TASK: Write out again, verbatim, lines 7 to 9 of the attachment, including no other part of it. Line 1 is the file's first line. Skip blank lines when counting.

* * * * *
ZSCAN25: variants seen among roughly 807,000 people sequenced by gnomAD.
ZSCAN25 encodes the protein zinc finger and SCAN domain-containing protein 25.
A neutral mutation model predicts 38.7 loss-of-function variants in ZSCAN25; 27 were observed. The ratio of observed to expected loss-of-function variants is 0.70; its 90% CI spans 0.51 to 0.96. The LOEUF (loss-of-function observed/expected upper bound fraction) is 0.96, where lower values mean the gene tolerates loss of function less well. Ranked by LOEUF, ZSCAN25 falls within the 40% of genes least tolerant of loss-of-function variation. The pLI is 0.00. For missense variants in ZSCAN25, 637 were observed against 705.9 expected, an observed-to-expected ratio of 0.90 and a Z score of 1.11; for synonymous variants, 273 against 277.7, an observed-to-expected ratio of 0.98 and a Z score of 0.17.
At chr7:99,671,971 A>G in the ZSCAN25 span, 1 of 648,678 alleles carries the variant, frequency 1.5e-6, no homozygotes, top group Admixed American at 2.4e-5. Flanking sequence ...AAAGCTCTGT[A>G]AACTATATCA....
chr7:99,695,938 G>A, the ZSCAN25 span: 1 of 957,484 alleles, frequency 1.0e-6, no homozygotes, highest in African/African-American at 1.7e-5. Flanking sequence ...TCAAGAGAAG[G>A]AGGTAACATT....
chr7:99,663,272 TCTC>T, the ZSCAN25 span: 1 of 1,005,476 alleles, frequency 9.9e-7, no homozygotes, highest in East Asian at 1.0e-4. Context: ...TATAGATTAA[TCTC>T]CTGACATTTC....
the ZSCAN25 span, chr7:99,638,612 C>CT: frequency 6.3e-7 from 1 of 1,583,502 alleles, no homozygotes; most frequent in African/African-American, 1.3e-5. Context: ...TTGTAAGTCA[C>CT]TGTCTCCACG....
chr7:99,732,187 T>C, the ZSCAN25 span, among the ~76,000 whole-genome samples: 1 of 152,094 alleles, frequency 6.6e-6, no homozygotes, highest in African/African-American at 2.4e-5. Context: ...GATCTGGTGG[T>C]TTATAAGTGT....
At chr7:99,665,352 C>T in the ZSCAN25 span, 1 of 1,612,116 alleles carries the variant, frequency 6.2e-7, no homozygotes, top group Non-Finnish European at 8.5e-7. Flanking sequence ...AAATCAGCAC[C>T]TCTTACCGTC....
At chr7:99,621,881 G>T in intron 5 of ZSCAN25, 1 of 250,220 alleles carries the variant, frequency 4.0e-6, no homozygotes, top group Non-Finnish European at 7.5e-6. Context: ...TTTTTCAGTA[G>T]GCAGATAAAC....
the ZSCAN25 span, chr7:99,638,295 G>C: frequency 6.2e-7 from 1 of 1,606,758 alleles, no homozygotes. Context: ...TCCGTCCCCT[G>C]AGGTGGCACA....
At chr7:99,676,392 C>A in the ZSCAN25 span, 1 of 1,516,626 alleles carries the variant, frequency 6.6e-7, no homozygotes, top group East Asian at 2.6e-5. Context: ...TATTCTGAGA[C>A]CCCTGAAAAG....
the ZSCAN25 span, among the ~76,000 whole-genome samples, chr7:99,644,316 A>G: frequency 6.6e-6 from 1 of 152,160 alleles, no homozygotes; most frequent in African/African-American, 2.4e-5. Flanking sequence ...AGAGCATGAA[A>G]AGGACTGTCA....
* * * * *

the ZSCAN25 span, chr7:99,638,612 C>CT: frequency 6.3e-7 from 1 of 1,583,502 alleles, no homozygotes; most frequent in African/African-American, 1.3e-5. Context: ...TTGTAAGTCA[C>CT]TGTCTCCACG....
chr7:99,732,187 T>C, the ZSCAN25 span, among the ~76,000 whole-genome samples: 1 of 152,094 alleles, frequency 6.6e-6, no homozygotes, highest in African/African-American at 2.4e-5. Context: ...GATCTGGTGG[T>C]TTATAAGTGT....
At chr7:99,665,352 C>T in the ZSCAN25 span, 1 of 1,612,116 alleles carries the variant, frequency 6.2e-7, no homozygotes, top group Non-Finnish European at 8.5e-7. Flanking sequence ...AAATCAGCAC[C>T]TCTTACCGTC....